Transcendent Kingdom: A novel

by Yaa Gyasi

Hardcover, 2020




Knopf (2020), 288 pages

User reviews

LibraryThing member RidgewayGirl
This is a complex look at the many ways one can be an outsider; by being an immigrant, by being Black in white spaces, by religion, by education, by income, by having mental health issues, by addiction. This is the story of Gifty, her girlhood in Alabama through her work to complete her Ph.D in neuroscience at Stanford University.

I don't want to give anything away, although the plot is very much not the point of Gyasi's second novel. There's a lot of heart and honesty here, without a single wasted word. Parts of this novel made me uncomfortable, teaching me about lives far removed from my own, while other parts felt so familiar. Gushing in a review is tiresome, so I'll stop here.
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LibraryThing member Jthierer
The writing was beautiful...but I didn't feel an emotional connection to Gifty. Since the book isn't really about plot but about the connection the reader feels with the protagonist, that made this one fall short for me.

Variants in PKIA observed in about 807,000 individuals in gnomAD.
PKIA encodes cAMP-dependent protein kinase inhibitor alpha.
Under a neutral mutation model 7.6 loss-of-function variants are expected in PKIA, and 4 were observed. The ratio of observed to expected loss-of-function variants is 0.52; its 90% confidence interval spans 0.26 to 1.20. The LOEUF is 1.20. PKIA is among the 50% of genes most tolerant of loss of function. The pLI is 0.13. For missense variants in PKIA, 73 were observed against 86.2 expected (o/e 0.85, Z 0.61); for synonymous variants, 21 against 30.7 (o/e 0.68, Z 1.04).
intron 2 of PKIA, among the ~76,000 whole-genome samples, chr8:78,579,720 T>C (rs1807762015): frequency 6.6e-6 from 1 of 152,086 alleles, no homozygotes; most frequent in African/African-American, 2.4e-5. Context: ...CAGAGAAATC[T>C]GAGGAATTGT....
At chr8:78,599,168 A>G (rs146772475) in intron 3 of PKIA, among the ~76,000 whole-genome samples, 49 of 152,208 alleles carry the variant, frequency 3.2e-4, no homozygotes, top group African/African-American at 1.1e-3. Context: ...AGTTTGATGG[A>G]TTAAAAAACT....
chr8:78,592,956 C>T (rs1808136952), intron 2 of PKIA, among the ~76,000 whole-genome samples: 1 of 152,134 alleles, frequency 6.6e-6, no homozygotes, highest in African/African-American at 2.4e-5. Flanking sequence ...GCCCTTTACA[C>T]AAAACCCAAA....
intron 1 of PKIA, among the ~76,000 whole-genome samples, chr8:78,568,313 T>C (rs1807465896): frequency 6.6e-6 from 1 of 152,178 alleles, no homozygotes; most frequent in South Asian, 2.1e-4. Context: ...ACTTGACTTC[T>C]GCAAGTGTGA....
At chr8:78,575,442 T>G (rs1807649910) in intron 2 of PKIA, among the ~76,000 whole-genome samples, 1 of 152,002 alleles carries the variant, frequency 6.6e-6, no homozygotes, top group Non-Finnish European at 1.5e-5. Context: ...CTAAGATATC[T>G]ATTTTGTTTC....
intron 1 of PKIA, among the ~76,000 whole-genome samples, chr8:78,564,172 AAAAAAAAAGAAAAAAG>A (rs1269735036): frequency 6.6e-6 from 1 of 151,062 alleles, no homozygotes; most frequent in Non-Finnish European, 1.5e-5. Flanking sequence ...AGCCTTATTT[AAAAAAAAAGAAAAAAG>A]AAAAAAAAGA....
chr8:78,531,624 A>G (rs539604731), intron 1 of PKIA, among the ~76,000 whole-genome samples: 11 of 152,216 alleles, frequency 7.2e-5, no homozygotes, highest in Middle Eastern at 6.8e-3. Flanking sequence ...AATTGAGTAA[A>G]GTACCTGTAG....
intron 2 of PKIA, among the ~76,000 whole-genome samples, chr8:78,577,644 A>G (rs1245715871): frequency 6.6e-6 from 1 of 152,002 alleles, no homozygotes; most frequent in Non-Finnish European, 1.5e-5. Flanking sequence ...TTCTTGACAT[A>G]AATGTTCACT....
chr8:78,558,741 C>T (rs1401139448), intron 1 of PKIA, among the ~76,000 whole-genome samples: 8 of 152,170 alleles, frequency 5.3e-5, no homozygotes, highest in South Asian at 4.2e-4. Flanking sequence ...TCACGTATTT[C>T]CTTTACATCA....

LibraryThing member Narshkite
A moving, engrossing, challenging immigrant's story. This book feels so completely American, more so than if I had just read the history of Plymouth Rock or a biography of Custer. The crisis and cruelty of faith, the rejection of science as an article of faith, the impact of addiction, the scourge of mental illness, the way in which poverty is turned from a simple current lack of funds into an identifier synonymous with eternal shame, what it means to be a parent and what it means to be a child, and what it is to believe in possibility. This immigrant story is filled with grief and loss as well as accomplishment and endless possibility and roots less deep but no less secure than those that have burrowed into the earth for generations.

Gifty is so smart and resilient and independent, so eager to be identified only as herself - not as a woman or a black woman or a black Ghanaian woman, just as a brilliant scientist. She got there through so much much none of us would have ever wished upon her, and her disassociation from any tribe is perhaps something to lament a bit, but the end is something one can't help but admire. But Gifty is also so closed off, so self-protective, so very alone as a result of her experiences that she keeps herself distant from most everything she needs. I rooted so hard (as opposed to praying) for her to heal enough to get what she really needed.